CUMBERLAND, Md. (WDVM) — Maryland Governor Larry Hogan has been out visiting parts of the state to see how communities are recovering from the pandemic. On Wednesday, he continued his tour of Western Maryland, making multiple stops around Cumberland including the mobile vaccine clinic in Greenway Avenue Stadium next to Fort Hills High School.
The vaccine clinic is designated for children and comes just over a week after the FDA expanded the emergency authorization of the Pfizer vaccine for 12 to 15-year-olds.
Governor Hogan addressed members of the media after his tour of the clinic where he met with students receiving their vaccine as well as their parents accompanying them. He stressed the safety of the vaccine and explained it is the only way for the state to return to some sort of normalcy.
“These vaccines are very safe. Millions of them out there, and it really is the best way for us to get back to normal, and I want to see the kids getting back to normal this summer spending time with their friends,” Gov. Hogan said. “It’s wonderful to see kids back in school here in Allegany County. It just was great to see the smiles on their faces and to see how happy they are to be back with their teachers and their friends.”
The state and the Allegany County Health Department want to make the vaccine as accessible as possible. This has resulted in the creation of mobile clinics in communities farther from larger vaccination sites. The health department has completed around 15-20 mobile clinics at places like fire stations and even apartment complexes and plans to hold more in the future.
“It’s now available to anyone, anytime, anywhere, at 3000 locations. I think there’s about 20% of the folks that are kind of ambivalent,” Gov. Hogan said. “And they’re like, ‘well, you know, maybe I just haven’t gotten around to it or I’m not sure.’ Those are the ones that we want to try to sway because that extra 20% is really helpful to keep people safe.”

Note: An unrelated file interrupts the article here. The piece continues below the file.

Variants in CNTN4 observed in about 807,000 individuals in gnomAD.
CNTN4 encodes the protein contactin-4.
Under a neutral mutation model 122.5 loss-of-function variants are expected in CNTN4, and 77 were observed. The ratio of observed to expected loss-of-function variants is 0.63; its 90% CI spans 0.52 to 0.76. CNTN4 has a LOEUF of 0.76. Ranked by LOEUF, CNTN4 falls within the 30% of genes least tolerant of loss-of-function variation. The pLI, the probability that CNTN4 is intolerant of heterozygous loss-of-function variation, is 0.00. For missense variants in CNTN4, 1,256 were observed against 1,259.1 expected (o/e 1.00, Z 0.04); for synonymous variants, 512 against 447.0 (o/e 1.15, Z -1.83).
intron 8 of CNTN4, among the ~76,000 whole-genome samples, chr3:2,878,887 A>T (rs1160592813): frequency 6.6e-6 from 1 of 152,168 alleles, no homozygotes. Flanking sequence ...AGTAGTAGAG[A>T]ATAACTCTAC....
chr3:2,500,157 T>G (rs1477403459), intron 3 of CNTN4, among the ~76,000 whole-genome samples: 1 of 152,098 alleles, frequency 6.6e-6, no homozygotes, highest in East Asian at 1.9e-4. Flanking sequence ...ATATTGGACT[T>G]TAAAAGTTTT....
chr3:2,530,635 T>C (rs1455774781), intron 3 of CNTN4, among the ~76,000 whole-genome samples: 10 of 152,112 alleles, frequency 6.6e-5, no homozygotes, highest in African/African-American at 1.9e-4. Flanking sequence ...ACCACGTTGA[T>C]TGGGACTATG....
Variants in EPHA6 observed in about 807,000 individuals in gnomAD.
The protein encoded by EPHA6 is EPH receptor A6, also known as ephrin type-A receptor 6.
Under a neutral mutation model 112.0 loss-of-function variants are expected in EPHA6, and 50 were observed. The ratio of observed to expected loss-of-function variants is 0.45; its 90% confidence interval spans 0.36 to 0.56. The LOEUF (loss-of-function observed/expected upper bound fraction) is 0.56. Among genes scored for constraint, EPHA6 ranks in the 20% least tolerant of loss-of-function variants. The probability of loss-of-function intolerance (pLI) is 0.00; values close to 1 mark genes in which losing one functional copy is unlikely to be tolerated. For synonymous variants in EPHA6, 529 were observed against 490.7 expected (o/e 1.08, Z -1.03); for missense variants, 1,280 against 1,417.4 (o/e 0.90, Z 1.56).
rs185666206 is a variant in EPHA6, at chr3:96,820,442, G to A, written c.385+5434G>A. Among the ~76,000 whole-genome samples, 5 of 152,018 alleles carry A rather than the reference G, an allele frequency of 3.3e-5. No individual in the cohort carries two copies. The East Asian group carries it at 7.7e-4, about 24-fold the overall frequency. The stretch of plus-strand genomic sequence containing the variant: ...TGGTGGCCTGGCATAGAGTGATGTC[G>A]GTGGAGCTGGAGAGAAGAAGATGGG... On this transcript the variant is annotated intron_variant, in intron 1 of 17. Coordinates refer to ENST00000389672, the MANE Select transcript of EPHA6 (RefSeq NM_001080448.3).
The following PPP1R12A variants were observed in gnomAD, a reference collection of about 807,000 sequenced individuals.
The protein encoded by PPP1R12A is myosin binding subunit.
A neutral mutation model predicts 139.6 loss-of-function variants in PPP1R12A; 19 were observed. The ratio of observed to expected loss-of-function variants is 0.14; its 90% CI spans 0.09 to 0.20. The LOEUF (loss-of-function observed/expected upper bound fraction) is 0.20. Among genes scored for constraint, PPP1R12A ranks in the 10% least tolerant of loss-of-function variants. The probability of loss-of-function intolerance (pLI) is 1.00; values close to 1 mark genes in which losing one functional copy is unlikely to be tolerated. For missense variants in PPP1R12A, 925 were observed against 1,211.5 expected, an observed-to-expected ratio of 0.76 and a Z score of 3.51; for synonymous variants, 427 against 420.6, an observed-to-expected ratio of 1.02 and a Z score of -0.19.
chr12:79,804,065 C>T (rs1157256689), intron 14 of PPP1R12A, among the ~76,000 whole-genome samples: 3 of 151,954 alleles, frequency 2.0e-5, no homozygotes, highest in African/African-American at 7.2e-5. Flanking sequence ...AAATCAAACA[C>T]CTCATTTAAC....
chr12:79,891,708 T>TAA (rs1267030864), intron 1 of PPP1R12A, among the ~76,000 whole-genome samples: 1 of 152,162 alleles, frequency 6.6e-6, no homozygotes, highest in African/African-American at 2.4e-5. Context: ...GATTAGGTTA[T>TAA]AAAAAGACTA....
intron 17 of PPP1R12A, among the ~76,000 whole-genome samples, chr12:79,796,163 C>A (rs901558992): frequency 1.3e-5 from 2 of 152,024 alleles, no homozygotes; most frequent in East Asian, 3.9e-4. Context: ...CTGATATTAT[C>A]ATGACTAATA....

Jenelle Mayer, Allegany County Health Officer echoed the governor’s statements. She explained at the beginning of the pandemic, there was a rush of residents wanting to get vaccinated and the health department struggled to meet the demand. Now, the health department is seeing a decline in residents interested in receiving their vaccine. She hopes these mobile clinics will help improve the vaccination rate.
“So we’re continuing to do that to identify places that really could use vaccination on-site and going out and doing that,” Mayer said. “The more options there are for people, the more likely they are to get vaccinated, and to be able to talk to their provider, whether it’s their pharmacists or their doctor if they have any concerns, get their concerns stressed, they can go ahead and get vaccinated.”
The state recorded its lowest case rate per 100 thousand people of 5.89% on May 19th, and is the lowest level since July of 2020. Pfizer is currently carrying out a study on the vaccine’s safety, tolerability, and the type of immune response the body generates after receiving the vaccine in children 6 months old to 11 years old.
Regardless of the potential availability of the vaccine to younger children, Governor Hogan says the decision to require a COVID vaccine for students in order to return to school will be left up to local school systems, rather than directions from the state.